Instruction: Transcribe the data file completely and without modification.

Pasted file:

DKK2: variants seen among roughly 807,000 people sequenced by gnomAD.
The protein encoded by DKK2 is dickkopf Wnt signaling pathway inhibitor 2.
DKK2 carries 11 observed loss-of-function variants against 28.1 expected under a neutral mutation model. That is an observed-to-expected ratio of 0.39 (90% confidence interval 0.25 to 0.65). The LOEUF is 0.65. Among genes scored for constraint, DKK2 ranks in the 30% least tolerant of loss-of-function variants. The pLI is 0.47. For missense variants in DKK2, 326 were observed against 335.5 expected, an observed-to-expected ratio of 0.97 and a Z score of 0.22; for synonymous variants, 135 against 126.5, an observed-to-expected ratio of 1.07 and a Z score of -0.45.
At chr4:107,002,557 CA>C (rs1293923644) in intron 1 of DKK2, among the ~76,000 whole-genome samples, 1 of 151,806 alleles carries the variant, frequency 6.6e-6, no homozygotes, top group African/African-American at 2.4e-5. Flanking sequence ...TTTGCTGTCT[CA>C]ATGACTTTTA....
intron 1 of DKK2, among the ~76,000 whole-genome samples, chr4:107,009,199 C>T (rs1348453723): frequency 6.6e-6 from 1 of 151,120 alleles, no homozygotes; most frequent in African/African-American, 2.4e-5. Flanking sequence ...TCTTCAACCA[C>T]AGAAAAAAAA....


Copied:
DKK2: variants seen among roughly 807,000 people sequenced by gnomAD.
The protein encoded by DKK2 is dickkopf Wnt signaling pathway inhibitor 2.
DKK2 carries 11 observed loss-of-function variants against 28.1 expected under a neutral mutation model. That is an observed-to-expected ratio of 0.39 (90% confidence interval 0.25 to 0.65). The LOEUF is 0.65. Among genes scored for constraint, DKK2 ranks in the 30% least tolerant of loss-of-function variants. The pLI is 0.47. For missense variants in DKK2, 326 were observed against 335.5 expected, an observed-to-expected ratio of 0.97 and a Z score of 0.22; for synonymous variants, 135 against 126.5, an observed-to-expected ratio of 1.07 and a Z score of -0.45.
At chr4:107,002,557 CA>C (rs1293923644) in intron 1 of DKK2, among the ~76,000 whole-genome samples, 1 of 151,806 alleles carries the variant, frequency 6.6e-6, no homozygotes, top group African/African-American at 2.4e-5. Flanking sequence ...TTTGCTGTCT[CA>C]ATGACTTTTA....
intron 1 of DKK2, among the ~76,000 whole-genome samples, chr4:107,009,199 C>T (rs1348453723): frequency 6.6e-6 from 1 of 151,120 alleles, no homozygotes; most frequent in African/African-American, 2.4e-5. Flanking sequence ...TCTTCAACCA[C>T]AGAAAAAAAA....